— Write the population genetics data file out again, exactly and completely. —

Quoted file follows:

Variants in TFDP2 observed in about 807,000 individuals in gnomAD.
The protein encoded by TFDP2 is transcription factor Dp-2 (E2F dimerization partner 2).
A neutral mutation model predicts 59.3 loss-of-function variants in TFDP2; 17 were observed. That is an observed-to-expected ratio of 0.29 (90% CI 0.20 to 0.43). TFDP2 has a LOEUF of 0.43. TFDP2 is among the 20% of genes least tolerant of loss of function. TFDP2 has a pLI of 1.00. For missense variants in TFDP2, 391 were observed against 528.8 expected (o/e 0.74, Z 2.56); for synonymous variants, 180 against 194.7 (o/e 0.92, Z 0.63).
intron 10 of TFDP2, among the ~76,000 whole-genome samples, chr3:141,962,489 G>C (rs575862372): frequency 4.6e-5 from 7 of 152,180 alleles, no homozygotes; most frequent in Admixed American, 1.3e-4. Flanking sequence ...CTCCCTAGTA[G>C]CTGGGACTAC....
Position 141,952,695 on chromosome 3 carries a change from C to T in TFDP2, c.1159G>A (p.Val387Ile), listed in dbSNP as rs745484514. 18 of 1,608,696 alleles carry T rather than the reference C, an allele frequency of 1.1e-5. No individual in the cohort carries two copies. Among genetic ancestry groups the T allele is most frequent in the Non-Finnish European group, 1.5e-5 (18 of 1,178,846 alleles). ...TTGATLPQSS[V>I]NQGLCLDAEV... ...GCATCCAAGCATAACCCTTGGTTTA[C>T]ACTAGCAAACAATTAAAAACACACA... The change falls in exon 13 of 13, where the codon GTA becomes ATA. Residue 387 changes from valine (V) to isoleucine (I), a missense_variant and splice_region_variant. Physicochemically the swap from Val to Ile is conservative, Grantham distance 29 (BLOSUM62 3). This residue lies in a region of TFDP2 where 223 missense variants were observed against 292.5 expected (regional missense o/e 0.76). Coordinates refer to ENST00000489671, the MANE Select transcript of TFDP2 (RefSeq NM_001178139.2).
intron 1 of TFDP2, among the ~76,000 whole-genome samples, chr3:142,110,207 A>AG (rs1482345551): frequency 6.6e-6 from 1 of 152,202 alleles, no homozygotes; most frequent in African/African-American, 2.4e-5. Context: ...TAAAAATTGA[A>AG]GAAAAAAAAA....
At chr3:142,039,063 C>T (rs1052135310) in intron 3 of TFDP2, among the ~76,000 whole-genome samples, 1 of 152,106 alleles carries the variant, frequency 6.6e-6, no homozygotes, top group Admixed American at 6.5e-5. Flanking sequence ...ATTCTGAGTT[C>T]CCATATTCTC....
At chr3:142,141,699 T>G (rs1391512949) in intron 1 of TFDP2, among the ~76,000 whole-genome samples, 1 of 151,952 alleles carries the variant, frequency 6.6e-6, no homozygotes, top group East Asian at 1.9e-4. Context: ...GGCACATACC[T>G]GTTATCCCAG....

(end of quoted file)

Variants in TFDP2 observed in about 807,000 individuals in gnomAD.
The protein encoded by TFDP2 is transcription factor Dp-2 (E2F dimerization partner 2).
A neutral mutation model predicts 59.3 loss-of-function variants in TFDP2; 17 were observed. That is an observed-to-expected ratio of 0.29 (90% CI 0.20 to 0.43). TFDP2 has a LOEUF of 0.43. TFDP2 is among the 20% of genes least tolerant of loss of function. TFDP2 has a pLI of 1.00. For missense variants in TFDP2, 391 were observed against 528.8 expected (o/e 0.74, Z 2.56); for synonymous variants, 180 against 194.7 (o/e 0.92, Z 0.63).
intron 10 of TFDP2, among the ~76,000 whole-genome samples, chr3:141,962,489 G>C (rs575862372): frequency 4.6e-5 from 7 of 152,180 alleles, no homozygotes; most frequent in Admixed American, 1.3e-4. Flanking sequence ...CTCCCTAGTA[G>C]CTGGGACTAC....
Position 141,952,695 on chromosome 3 carries a change from C to T in TFDP2, c.1159G>A (p.Val387Ile), listed in dbSNP as rs745484514. 18 of 1,608,696 alleles carry T rather than the reference C, an allele frequency of 1.1e-5. No individual in the cohort carries two copies. Among genetic ancestry groups the T allele is most frequent in the Non-Finnish European group, 1.5e-5 (18 of 1,178,846 alleles). ...TTGATLPQSS[V>I]NQGLCLDAEV... ...GCATCCAAGCATAACCCTTGGTTTA[C>T]ACTAGCAAACAATTAAAAACACACA... The change falls in exon 13 of 13, where the codon GTA becomes ATA. Residue 387 changes from valine (V) to isoleucine (I), a missense_variant and splice_region_variant. Physicochemically the swap from Val to Ile is conservative, Grantham distance 29 (BLOSUM62 3). This residue lies in a region of TFDP2 where 223 missense variants were observed against 292.5 expected (regional missense o/e 0.76). Coordinates refer to ENST00000489671, the MANE Select transcript of TFDP2 (RefSeq NM_001178139.2).
intron 1 of TFDP2, among the ~76,000 whole-genome samples, chr3:142,110,207 A>AG (rs1482345551): frequency 6.6e-6 from 1 of 152,202 alleles, no homozygotes; most frequent in African/African-American, 2.4e-5. Context: ...TAAAAATTGA[A>AG]GAAAAAAAAA....
At chr3:142,039,063 C>T (rs1052135310) in intron 3 of TFDP2, among the ~76,000 whole-genome samples, 1 of 152,106 alleles carries the variant, frequency 6.6e-6, no homozygotes, top group Admixed American at 6.5e-5. Flanking sequence ...ATTCTGAGTT[C>T]CCATATTCTC....
At chr3:142,141,699 T>G (rs1391512949) in intron 1 of TFDP2, among the ~76,000 whole-genome samples, 1 of 151,952 alleles carries the variant, frequency 6.6e-6, no homozygotes, top group East Asian at 1.9e-4. Context: ...GGCACATACC[T>G]GTTATCCCAG....